A Pakistani journalist was found murdered this week. I wanted to highlight that tragedy here because his beat involved a lot of religion coverage. Here’s how the San Francisco Chronicle explained it:
The tortured corpse of a prominent Pakistani journalist, who had told friends he feared that the country’s military intelligence agency would kill him, was found Tuesday, two days after he disappeared.
With unparalleled sources among Islamic extremists, including al Qaeda, Syed Saleem Shahzad, 40, often produced stories that embarrassed Pakistan’s military and its Inter-Services Intelligence spy agency, known as the ISI. But he also could have angered a faction of the increasingly fractured Islamist movement in a country where journalists are often targeted by both the government and extremists.
Shahzad’s most recent story was supposed to be a two-parter that detailed al Qaeda’s infiltration of the Pakistani navy. It also alleged a recent attack on a Karachi naval base was done by al Qaeda in retaliation for the navy’s suspected detention of Islamic terrorist sympathizers. This Pakistani independent weekly published a piece reflecting on how Shahzad’s death was the same day as the late Governor Salmaan Taseer’s birthday. He was killed by Islamic terrorists for opposing Pakistan’s blasphemy law. This is a good reminder, too, of how many Muslims are killed in the battle against Islamic terrorism.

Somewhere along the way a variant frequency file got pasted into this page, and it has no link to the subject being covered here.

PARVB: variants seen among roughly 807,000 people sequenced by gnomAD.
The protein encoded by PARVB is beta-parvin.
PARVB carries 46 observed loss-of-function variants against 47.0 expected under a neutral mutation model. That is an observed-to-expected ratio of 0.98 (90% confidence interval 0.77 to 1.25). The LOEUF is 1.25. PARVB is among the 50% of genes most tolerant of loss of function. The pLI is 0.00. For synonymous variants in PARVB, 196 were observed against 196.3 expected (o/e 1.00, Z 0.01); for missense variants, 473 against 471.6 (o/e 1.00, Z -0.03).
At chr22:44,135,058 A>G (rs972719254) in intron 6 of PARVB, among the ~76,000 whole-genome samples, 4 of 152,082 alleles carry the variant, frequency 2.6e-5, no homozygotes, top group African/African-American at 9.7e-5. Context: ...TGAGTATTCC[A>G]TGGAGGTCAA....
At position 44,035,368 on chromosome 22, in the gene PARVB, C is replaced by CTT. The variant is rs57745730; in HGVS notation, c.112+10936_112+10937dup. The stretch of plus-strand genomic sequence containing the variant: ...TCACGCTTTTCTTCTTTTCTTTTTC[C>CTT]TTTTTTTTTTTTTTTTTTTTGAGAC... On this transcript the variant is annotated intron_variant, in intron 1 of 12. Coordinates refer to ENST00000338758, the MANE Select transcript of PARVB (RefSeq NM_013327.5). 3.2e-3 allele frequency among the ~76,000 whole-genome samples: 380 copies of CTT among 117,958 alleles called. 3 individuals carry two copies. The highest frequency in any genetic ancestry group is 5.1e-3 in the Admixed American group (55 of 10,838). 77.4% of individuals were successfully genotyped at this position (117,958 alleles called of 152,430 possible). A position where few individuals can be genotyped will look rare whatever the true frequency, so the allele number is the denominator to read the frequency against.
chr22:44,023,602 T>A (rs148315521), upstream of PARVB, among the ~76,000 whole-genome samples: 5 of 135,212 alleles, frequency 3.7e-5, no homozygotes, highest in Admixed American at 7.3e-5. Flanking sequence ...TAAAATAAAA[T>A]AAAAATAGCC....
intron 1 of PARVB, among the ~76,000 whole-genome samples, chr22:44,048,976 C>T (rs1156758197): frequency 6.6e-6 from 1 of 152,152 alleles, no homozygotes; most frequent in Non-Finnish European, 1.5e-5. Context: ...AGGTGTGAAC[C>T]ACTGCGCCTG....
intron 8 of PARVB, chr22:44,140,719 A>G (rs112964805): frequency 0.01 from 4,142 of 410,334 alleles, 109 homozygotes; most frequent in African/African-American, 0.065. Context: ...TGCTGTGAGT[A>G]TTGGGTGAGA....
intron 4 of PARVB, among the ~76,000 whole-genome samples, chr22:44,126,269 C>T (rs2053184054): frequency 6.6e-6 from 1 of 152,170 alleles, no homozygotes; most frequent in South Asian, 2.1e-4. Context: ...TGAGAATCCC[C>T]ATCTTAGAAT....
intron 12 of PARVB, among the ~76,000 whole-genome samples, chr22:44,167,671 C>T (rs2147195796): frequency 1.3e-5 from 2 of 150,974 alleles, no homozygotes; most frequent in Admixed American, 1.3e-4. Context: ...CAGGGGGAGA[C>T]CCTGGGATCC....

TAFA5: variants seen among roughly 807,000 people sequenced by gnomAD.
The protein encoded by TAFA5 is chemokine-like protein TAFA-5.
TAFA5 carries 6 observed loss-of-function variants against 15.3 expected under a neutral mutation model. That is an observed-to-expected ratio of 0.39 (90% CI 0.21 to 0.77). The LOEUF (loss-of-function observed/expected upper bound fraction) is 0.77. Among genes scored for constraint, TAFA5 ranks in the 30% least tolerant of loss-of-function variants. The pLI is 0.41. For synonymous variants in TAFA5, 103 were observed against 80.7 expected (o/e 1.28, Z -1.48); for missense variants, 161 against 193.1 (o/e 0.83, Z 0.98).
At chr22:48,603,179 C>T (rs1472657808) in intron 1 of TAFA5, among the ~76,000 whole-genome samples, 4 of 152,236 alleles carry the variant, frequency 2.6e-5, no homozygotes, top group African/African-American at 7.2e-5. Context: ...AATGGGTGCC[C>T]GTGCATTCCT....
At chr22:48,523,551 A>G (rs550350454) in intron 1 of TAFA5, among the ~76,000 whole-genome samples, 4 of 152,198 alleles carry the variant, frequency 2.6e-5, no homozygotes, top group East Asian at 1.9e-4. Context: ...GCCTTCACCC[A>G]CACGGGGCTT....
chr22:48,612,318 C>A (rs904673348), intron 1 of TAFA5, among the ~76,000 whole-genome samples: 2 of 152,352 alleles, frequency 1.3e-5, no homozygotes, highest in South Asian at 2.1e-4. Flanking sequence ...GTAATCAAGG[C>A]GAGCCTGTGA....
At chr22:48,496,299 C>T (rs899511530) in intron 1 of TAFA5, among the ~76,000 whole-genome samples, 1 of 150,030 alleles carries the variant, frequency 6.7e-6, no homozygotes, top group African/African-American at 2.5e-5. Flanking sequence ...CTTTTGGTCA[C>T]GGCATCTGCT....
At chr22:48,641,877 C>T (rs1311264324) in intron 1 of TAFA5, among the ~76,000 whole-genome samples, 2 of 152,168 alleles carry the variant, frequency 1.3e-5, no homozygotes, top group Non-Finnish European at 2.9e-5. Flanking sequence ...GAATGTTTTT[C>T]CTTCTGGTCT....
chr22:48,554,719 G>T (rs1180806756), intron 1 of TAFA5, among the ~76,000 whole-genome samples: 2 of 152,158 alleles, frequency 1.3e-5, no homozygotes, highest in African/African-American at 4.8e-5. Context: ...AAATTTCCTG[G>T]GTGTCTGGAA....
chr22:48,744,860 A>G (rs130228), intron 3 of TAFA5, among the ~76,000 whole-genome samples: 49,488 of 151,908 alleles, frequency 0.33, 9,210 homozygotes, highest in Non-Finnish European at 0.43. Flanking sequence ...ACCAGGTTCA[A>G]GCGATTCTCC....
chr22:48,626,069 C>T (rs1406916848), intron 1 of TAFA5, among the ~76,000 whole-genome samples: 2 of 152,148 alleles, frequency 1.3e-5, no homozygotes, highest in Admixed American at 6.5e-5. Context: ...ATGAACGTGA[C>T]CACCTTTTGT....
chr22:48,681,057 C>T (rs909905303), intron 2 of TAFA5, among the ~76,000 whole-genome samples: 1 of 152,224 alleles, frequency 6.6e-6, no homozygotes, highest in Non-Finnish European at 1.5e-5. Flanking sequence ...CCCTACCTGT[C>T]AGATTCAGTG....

I don’t have any criticism of the coverage of his murder, which was good. I was even heartened by how many American media outlets eulogized Shahzad and pointed out his bravery in covering Islamic terrorism.
I do think it’s worth us reflecting on this loss of life and the bravery of some journalists as they simply work to report news and investigate corruption. In certain conflicts, such as what Pakistan is going through right now, the stakes are so much higher than many American journalists can comprehend. The behavior of men such as Shahzad serves as inspiration around the world.